Every summer, 60,000 tourists flock to Barkerville Historic Town and Park to marvel at rustic gold rush buildings and interact with actors portraying Chinese miners, American gold panners, dance hall girls, and a hanging judge.
The actors, hired by the museum and dressed in historically accurate costumes, roam the dusty streets and precariously raised sidewalks as they entertain and educate about the Cariboo Gold Rush.
But for 50 years, at the largest living history museum in western North America, tourists never saw an Indigenous character.
That changed this summer when Barkerville, which is located about 700 kilometres north of Vancouver, recruited its first Indigenous interpreter.
James Douglas who heads public programming at Barkerville described the move as historic.
"A place which has been a bastion of B.C. heritage tourism for more than 50 years now finally has a First Nations' voice," Douglas said.
Barkerville, he said. is primarily known for telling the settlers' myth. That will change with a First Nations interpreter on staff.
Different take on Confederation
Barkerville hired Mike Retasket, a former chief of the Bonaparte Indian Band, for the position.
Retasket, 60, of the Shushwap Nation, has worked as an environmental activist and Indigenous consultant, and helped create B.C.'s First Nations Leadership Council.
Over the summer, Retasket roamed the Barkerville streets with the other costumed characters, dressed in beaded buckskin, his grey hair parted into two braids.
Earlier this month, as tourists gathered around the porch of a dry goods store, costumed characters launched a historical skit about Confederation, and this time, a First Nations character had a speaking part.
In character, Retasket stepped up to deliver his lines, slowly and thoughtfully. "We welcome you here. When you first came, there were only Indians. On our land."
Later, in an interview across the street in a historic gold-measuring office, Retasket, elaborated on the First Nations' perspective on an area that became the epicentre of B.C.'s gold rush in the mid-19th century.
Long before the gold rush, seven different First Nations travelled through the Barkerville area and gathered medicinal plants, he said. First Nation travellers knew about gold in the area, but mined it sparingly for medicines.
"We took what we needed," Retasket said. "There was more of a rush for blueberries and soap berries than gold."
'We were dispossessed'
But life changed when miners poured into what later became Barkerville, Retasket said.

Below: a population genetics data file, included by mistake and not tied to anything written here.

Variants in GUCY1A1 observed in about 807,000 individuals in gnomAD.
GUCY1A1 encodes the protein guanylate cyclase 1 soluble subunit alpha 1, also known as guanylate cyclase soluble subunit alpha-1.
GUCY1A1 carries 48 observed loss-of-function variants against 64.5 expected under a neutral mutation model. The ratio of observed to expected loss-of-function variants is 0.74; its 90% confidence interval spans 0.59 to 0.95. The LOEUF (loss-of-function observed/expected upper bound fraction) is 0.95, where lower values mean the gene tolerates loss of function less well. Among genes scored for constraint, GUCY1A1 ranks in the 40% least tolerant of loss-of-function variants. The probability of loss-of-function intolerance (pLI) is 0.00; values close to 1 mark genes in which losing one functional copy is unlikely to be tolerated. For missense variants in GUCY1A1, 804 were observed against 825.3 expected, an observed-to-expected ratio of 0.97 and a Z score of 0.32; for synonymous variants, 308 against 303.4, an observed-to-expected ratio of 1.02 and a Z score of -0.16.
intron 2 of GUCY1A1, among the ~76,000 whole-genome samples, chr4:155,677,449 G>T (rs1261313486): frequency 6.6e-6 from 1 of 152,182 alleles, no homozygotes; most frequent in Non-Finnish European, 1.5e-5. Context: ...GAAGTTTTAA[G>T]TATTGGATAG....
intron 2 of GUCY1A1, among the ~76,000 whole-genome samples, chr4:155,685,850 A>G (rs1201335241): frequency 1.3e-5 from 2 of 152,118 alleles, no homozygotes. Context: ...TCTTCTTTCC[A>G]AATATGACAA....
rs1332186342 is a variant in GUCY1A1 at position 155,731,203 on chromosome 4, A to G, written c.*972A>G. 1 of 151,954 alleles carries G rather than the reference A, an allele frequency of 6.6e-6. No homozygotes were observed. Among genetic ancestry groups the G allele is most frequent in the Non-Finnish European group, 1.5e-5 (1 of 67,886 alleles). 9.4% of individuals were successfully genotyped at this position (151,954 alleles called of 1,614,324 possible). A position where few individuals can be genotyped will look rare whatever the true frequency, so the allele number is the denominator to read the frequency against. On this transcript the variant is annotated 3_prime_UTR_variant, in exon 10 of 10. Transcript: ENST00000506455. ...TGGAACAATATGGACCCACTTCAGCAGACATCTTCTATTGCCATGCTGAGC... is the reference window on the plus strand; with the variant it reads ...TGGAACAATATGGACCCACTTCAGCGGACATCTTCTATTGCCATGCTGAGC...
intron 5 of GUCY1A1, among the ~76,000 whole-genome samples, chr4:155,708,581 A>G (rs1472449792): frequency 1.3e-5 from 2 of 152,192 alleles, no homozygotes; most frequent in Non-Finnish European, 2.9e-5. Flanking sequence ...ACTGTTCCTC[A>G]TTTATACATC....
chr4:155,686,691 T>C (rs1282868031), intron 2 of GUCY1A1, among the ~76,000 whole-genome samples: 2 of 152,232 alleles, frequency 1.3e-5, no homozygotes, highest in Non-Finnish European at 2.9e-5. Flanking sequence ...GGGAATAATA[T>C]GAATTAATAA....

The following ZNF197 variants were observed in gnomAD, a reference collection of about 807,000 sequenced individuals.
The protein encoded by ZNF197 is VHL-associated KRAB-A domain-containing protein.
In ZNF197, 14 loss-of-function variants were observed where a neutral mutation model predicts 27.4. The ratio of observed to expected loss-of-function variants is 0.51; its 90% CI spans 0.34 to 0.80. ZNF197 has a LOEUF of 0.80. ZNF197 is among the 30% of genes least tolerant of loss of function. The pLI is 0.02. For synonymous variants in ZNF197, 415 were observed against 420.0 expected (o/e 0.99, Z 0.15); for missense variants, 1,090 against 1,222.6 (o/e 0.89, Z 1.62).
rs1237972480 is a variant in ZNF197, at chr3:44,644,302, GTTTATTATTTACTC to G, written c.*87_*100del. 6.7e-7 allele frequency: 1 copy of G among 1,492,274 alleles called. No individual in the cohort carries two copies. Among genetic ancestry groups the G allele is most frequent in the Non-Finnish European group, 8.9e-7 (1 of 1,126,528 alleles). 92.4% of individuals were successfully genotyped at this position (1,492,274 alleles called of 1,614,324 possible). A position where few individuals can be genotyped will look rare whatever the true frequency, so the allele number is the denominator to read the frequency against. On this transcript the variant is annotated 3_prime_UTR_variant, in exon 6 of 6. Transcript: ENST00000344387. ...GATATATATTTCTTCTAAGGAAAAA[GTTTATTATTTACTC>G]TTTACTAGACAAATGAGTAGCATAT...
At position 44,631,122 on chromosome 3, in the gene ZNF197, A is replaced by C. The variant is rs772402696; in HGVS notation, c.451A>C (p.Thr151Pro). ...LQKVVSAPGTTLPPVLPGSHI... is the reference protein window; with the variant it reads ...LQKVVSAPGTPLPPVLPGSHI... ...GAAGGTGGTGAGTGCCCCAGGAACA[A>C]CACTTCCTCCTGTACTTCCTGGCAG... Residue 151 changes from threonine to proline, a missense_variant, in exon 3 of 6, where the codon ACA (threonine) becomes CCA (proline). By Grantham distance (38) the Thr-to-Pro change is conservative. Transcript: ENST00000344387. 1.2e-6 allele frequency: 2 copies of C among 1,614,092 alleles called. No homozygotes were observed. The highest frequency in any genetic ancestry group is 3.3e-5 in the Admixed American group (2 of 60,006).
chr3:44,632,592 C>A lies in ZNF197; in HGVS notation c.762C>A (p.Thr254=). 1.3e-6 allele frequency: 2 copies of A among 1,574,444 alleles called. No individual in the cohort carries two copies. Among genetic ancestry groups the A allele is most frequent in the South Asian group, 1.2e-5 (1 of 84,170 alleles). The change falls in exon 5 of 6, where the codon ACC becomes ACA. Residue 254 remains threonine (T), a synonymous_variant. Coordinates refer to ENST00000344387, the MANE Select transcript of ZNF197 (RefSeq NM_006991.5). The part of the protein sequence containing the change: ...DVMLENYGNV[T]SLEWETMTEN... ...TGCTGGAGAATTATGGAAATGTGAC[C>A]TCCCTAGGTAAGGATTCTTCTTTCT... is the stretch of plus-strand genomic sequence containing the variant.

"When the first gold claim was staked, it displaced us from the ability to use this land," he said. "Not very long after that, we were dispossessed from the land. Displaced and dispossessed."
Nonetheless, Retasket said First Nations helped early gold miners with provisions. A First Nations fishery on the Bowron River provided food.
Retasket shared these stories over the summer with thousands of tourists.
Judge Begbie's courtroom
He also talked with visitors about a controversial historical figure, Justice Matthew Begbie, B.C.'s first chief justice, known to some as the hanging judge.
Begbie is reviled for his role in hanging six Tsilhqot'in chiefs in 1864.
His place in history is so contentious that New Westminster decided this year to remove Begbie's statue from the courthouse grounds.
And yet, for years, Barkerville has offered visitors a historic re-enactment of Begbie's courtroom.
Tsilhqot'in Chief and Tribal Chair Joe Alphonse has called on Barkerville to review that portrayal.
Retasket said Begbie's legacy is mixed. But he said watching the Begbie re-enactment at Barkerville scared him.
"If I had crossed paths with him [in the 1860s] out on the land,...it would have been a very, very difficult time. He was judge and jury and some of his decisions are very questionable."
History as reconciliation
Retasket sees his work in Barkerville as an act of reconciliation.
And it's work that's going on across Canada.
Interpretation Canada, a national association of heritage interpreters, told CBC it's "an important topic of discussion.
"We have been asking tough questions about our role in reconciliation for a few years now," said Pam Murray, Interpretation Canada's chair.
"It is critical for indigenous interpreters to ...to speak their own truths, especially the truths that make settlers uncomfortable."